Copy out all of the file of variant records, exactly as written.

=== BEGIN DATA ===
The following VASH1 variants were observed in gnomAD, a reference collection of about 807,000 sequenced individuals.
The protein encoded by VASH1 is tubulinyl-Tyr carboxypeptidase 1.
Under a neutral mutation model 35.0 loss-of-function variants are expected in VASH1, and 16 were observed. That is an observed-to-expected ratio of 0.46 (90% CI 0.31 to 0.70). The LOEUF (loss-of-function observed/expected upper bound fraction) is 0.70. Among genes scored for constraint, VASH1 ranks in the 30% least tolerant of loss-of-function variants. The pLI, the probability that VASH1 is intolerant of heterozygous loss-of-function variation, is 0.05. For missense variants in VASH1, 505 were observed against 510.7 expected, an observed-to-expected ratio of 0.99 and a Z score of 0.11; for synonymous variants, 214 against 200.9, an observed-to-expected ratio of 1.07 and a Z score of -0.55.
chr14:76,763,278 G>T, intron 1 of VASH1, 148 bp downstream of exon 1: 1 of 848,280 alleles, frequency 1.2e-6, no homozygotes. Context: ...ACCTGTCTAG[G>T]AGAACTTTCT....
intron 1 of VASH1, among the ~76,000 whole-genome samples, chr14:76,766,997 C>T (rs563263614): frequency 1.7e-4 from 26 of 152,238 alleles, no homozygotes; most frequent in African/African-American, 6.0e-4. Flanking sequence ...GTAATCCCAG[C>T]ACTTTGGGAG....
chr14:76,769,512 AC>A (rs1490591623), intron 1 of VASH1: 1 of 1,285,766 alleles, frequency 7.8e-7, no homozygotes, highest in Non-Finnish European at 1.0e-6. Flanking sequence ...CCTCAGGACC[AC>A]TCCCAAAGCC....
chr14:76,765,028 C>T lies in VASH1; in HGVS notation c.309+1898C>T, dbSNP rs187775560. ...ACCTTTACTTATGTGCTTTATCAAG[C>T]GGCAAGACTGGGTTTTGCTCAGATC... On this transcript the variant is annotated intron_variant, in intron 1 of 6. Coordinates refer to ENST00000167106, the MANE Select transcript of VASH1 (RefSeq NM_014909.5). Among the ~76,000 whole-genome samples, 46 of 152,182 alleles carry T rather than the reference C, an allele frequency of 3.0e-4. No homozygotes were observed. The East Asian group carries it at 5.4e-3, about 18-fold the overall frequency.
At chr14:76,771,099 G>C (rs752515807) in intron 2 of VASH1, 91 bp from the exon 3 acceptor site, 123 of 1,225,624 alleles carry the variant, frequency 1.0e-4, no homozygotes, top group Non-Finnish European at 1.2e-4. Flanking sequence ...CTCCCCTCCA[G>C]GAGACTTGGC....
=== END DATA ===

The following VASH1 variants were observed in gnomAD, a reference collection of about 807,000 sequenced individuals.
The protein encoded by VASH1 is tubulinyl-Tyr carboxypeptidase 1.
Under a neutral mutation model 35.0 loss-of-function variants are expected in VASH1, and 16 were observed. That is an observed-to-expected ratio of 0.46 (90% CI 0.31 to 0.70). The LOEUF (loss-of-function observed/expected upper bound fraction) is 0.70. Among genes scored for constraint, VASH1 ranks in the 30% least tolerant of loss-of-function variants. The pLI, the probability that VASH1 is intolerant of heterozygous loss-of-function variation, is 0.05. For missense variants in VASH1, 505 were observed against 510.7 expected, an observed-to-expected ratio of 0.99 and a Z score of 0.11; for synonymous variants, 214 against 200.9, an observed-to-expected ratio of 1.07 and a Z score of -0.55.
chr14:76,763,278 G>T, intron 1 of VASH1, 148 bp downstream of exon 1: 1 of 848,280 alleles, frequency 1.2e-6, no homozygotes. Context: ...ACCTGTCTAG[G>T]AGAACTTTCT....
intron 1 of VASH1, among the ~76,000 whole-genome samples, chr14:76,766,997 C>T (rs563263614): frequency 1.7e-4 from 26 of 152,238 alleles, no homozygotes; most frequent in African/African-American, 6.0e-4. Flanking sequence ...GTAATCCCAG[C>T]ACTTTGGGAG....
chr14:76,769,512 AC>A (rs1490591623), intron 1 of VASH1: 1 of 1,285,766 alleles, frequency 7.8e-7, no homozygotes, highest in Non-Finnish European at 1.0e-6. Flanking sequence ...CCTCAGGACC[AC>A]TCCCAAAGCC....
chr14:76,765,028 C>T lies in VASH1; in HGVS notation c.309+1898C>T, dbSNP rs187775560. ...ACCTTTACTTATGTGCTTTATCAAG[C>T]GGCAAGACTGGGTTTTGCTCAGATC... On this transcript the variant is annotated intron_variant, in intron 1 of 6. Coordinates refer to ENST00000167106, the MANE Select transcript of VASH1 (RefSeq NM_014909.5). Among the ~76,000 whole-genome samples, 46 of 152,182 alleles carry T rather than the reference C, an allele frequency of 3.0e-4. No homozygotes were observed. The East Asian group carries it at 5.4e-3, about 18-fold the overall frequency.
At chr14:76,771,099 G>C (rs752515807) in intron 2 of VASH1, 91 bp from the exon 3 acceptor site, 123 of 1,225,624 alleles carry the variant, frequency 1.0e-4, no homozygotes, top group Non-Finnish European at 1.2e-4. Flanking sequence ...CTCCCCTCCA[G>C]GAGACTTGGC....